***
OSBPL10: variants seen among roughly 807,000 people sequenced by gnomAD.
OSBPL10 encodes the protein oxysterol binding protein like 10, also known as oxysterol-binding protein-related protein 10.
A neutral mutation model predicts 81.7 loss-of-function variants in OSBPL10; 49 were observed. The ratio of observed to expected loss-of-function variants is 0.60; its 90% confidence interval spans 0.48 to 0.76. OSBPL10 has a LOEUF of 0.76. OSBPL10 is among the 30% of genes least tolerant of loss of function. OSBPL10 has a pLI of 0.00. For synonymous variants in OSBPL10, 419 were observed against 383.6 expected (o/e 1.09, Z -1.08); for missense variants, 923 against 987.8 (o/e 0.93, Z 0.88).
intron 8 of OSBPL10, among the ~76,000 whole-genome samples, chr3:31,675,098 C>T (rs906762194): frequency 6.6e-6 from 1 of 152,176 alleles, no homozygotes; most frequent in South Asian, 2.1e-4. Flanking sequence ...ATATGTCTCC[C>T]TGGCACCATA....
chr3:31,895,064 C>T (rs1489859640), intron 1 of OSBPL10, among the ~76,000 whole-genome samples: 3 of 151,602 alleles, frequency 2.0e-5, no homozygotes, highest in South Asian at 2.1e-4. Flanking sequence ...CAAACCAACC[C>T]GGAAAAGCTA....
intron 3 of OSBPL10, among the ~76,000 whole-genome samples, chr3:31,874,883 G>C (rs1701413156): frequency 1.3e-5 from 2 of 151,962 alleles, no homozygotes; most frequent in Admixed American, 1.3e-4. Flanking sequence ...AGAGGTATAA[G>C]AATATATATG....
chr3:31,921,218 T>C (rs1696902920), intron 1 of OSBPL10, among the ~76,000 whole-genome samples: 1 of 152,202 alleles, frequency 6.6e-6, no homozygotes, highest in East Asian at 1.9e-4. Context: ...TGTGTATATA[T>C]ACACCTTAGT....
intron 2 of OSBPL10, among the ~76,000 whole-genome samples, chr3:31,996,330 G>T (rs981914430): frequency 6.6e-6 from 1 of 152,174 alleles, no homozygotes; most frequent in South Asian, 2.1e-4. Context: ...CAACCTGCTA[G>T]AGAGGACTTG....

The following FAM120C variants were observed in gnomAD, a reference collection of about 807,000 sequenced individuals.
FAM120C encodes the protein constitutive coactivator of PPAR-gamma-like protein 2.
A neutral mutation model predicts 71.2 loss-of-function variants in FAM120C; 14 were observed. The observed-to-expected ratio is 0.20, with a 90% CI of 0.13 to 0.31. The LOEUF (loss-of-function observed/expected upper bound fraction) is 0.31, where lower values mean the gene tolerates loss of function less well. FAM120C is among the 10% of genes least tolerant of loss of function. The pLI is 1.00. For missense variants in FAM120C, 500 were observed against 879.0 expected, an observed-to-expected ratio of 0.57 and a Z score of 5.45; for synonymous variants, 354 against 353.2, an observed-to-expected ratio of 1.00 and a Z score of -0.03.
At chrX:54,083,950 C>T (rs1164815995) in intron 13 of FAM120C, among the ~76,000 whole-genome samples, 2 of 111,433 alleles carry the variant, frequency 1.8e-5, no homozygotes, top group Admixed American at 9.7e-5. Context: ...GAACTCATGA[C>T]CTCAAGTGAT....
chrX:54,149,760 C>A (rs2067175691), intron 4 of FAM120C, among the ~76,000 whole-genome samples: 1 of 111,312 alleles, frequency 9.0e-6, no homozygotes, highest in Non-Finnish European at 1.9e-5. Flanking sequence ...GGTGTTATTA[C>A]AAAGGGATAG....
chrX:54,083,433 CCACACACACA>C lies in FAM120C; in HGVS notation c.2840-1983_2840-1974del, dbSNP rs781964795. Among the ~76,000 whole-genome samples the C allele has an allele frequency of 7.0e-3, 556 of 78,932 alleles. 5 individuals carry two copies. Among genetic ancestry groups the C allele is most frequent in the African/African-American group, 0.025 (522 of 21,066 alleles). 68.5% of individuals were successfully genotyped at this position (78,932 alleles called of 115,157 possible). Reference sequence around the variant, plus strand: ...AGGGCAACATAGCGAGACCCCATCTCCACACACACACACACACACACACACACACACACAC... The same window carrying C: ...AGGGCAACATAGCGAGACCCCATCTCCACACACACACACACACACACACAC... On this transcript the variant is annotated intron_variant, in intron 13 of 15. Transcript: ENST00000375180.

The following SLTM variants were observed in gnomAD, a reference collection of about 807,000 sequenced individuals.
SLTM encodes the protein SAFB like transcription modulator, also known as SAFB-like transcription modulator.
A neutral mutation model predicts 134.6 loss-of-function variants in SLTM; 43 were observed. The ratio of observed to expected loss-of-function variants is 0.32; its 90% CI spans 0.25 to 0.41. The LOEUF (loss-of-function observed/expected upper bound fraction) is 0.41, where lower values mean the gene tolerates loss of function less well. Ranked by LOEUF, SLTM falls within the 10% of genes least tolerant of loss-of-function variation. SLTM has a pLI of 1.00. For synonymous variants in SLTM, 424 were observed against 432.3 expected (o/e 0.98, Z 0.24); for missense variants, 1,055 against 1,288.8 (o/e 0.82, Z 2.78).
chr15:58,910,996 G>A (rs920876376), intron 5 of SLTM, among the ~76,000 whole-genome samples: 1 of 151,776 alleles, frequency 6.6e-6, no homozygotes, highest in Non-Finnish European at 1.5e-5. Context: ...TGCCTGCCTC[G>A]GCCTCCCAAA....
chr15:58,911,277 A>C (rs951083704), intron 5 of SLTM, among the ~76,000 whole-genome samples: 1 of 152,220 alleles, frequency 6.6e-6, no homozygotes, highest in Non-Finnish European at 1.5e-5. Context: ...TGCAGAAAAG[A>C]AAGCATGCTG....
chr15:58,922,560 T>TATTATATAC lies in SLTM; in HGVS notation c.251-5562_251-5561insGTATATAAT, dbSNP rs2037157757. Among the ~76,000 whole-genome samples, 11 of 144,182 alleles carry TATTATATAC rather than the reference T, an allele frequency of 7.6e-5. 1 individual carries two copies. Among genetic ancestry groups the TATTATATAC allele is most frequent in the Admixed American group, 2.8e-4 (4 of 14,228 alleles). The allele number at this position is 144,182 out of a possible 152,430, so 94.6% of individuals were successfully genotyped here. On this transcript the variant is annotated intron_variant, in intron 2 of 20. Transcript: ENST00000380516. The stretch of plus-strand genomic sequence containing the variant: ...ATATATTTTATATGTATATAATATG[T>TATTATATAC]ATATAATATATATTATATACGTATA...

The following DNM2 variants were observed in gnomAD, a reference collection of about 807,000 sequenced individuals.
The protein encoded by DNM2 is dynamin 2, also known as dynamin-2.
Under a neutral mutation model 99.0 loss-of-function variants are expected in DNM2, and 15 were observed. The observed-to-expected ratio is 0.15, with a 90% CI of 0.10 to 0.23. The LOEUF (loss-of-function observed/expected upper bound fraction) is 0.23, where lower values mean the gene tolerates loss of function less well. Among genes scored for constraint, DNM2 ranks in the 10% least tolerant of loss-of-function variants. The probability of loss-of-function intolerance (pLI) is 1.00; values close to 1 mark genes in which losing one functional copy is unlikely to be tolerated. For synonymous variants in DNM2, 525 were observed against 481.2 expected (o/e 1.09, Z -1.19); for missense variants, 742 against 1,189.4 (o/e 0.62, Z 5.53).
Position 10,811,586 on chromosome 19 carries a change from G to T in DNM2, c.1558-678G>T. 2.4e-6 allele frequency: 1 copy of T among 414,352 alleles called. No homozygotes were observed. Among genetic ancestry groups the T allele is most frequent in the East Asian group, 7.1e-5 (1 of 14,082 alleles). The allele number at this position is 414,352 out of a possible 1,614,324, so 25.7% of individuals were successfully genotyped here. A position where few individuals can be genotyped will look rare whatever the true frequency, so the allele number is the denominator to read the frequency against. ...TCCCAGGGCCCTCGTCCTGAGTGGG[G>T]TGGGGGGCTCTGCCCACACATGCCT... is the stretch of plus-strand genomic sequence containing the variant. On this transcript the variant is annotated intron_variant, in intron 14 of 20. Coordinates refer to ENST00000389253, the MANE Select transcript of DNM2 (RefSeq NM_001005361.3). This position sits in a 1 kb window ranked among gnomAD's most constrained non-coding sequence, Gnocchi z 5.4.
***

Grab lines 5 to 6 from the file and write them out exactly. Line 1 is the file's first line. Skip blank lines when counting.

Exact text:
chr3:31,895,064 C>T (rs1489859640), intron 1 of OSBPL10, among the ~76,000 whole-genome samples: 3 of 151,602 alleles, frequency 2.0e-5, no homozygotes, highest in South Asian at 2.1e-4. Flanking sequence ...CAAACCAACC[C>T]GGAAAAGCTA....
intron 3 of OSBPL10, among the ~76,000 whole-genome samples, chr3:31,874,883 G>C (rs1701413156): frequency 1.3e-5 from 2 of 151,962 alleles, no homozygotes; most frequent in Admixed American, 1.3e-4. Flanking sequence ...AGAGGTATAA[G>C]AATATATATG....